© 2024 KOSU
Play Live Radio
Next Up:
0:00
0:00
0:00 0:00
Available On Air Stations

What to know about trunk-or-treating, a trick-or-treating alternative

A car is open at a trunk-or-treat in 2014. The events allow children to collect candy from trunks of cars gathered in parking lots.
Scott Maentz
/
Flickr Creative Commons
A car is open at a trunk-or-treat in 2014. The events allow children to collect candy from trunks of cars gathered in parking lots.

This Halloween, some trick-or-treaters, instead of trekking through neighborhoods, will opt for a more stationary form of candy collecting: trunk-or-treating.

Trunk-or-treating is an alternative to trick-or-treating, in which parents and guardians gather their vehicles in one spot, typically a parking lot, open their trunks and give out candy as children walk from car to car.

Some candy-givers decorate their trunks with scenes and themes, such as pumpkin patches, spiderwebs and monsters.

Here's a rundown of how it started and how to find one nearby.

How did it start?

Early mentions of trunk-or-treating date as far back as 1994 and are commonly associated with churches, who present the events as safer alternatives to door-to-door trick-or-treating.

A 1994 article in The Birmingham News, in Alabama, centered on the Hilldale Baptist Church of Center Point, where children up through the sixth grade could participate. The gathering touted attractions such as a ball pit, a game room and prizes, including bicycles.

By 2003, the Providence Presbyterian Church in South Carolina was hosting its second annual trunk-or-treat, with hot dogs served for dinner, according to an article in The Greenville News.

People gather at a trunk-or-treat in 2014.
Scott Maentz / Flickr Creative Commons
/
Flickr Creative Commons
People gather at a trunk-or-treat in 2014.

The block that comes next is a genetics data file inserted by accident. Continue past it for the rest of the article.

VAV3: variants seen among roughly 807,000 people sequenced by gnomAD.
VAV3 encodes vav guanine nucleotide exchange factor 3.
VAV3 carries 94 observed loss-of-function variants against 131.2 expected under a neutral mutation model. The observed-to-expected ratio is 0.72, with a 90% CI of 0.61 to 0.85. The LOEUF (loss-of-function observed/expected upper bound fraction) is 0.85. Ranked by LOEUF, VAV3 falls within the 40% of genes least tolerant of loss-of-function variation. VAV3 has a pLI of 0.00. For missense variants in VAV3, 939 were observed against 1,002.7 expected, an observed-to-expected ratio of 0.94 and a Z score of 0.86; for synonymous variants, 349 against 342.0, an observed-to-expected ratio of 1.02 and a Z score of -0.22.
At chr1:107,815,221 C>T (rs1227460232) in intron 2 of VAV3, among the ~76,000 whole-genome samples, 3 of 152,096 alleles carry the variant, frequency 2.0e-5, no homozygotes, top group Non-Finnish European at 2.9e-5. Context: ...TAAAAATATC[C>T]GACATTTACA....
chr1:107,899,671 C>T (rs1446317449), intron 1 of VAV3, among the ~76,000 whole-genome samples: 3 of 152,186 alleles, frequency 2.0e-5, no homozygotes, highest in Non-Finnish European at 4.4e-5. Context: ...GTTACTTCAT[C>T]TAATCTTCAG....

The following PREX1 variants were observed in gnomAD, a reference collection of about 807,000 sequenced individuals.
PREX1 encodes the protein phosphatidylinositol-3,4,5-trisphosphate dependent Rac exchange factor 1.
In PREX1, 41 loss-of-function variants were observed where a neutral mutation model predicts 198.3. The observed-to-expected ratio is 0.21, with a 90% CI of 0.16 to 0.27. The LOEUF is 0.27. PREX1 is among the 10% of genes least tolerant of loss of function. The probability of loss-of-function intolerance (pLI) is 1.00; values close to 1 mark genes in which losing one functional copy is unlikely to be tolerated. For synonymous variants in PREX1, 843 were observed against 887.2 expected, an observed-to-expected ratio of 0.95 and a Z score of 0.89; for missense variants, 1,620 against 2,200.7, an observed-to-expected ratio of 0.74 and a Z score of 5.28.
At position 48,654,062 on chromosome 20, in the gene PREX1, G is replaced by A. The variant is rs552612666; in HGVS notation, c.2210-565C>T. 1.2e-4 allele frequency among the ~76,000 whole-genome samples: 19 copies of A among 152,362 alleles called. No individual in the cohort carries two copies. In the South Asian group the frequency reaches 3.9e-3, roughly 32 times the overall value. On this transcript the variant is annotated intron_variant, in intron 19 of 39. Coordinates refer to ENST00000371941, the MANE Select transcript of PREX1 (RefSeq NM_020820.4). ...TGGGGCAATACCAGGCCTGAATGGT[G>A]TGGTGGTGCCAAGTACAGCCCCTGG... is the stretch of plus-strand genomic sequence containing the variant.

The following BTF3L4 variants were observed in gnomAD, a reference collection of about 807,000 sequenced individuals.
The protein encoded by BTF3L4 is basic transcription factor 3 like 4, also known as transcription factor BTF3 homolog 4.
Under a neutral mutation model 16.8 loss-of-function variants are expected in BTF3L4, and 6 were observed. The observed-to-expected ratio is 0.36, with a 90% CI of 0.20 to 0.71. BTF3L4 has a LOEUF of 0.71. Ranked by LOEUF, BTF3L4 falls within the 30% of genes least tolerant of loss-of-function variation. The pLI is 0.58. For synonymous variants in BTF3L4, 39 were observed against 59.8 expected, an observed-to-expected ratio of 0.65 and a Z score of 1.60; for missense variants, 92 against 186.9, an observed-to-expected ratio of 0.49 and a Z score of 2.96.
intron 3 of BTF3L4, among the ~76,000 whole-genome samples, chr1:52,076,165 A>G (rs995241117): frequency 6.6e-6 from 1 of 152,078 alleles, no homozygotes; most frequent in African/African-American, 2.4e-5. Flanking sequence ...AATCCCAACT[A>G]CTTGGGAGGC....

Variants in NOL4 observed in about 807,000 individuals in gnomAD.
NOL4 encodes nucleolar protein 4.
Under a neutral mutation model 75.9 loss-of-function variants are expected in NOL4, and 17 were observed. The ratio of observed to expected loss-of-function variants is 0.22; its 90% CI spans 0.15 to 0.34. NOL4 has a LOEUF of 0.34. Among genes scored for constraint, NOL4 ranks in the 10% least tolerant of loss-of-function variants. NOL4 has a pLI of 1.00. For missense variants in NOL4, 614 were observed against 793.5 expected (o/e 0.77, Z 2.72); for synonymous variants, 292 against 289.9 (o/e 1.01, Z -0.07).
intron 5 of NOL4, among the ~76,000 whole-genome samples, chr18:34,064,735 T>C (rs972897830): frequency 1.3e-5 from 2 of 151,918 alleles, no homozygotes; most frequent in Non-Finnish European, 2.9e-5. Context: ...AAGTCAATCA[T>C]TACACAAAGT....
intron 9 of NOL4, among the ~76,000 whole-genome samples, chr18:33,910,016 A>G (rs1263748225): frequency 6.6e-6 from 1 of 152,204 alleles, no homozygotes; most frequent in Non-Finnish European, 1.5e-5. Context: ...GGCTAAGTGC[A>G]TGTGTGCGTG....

Trunk-or-treating has also been referred to as "Halloween tailgating."

Though often dubbed as the safer option to trick-or-treating, child psychologist David Miller of the University of Albany says there is little evidence pointing to trick-or-treating being dangerous.

Worries such as people giving out poisoned candy and razor blades in apples started in the 1960s and have been debunked.

"I think one of the things about [trick-or-treating] that we don't sufficiently appreciate is a sense of trust we put in our neighbors when kids go out trick-or-treating," he said. "And in most cases, that trust is well-placed."

But he said trunk-or-treating does provide a good option for those who live in rural areas where there are longer distances between homes.

"I don't think that either trick-or-treat or trunk-or-treat — that one is inherently better than the other," he said. "It all comes down to personal preference. It's an enjoyable activity, and it should be fun for people, so whatever works for them is fine."

How do I participate?

Trunk-or-treat events are held at lots of places, including schools, churches, YMCAs, courthouses and even car dealerships.

The events are often listed on Facebook, so that's a good place to start to find one near you. Some of them have games, contests and arts and crafts.

For ideas on decorating your trunk, social media sites such as Pinterest and TikTok can give you do-it-yourself ideas and walk you through instructions on setting them up.

For those who don't want to DIY, several major retailers sell pre-made kits to install on trunks.

Copyright 2023 NPR. To see more, visit https://www.npr.org.

Ayana Archie
[Copyright 2024 NPR]
KOSU is nonprofit and independent. We rely on readers like you to support the local, national, and international coverage on this website. Your support makes this news available to everyone.

Give today. A monthly donation of $5 makes a real difference.
Related Content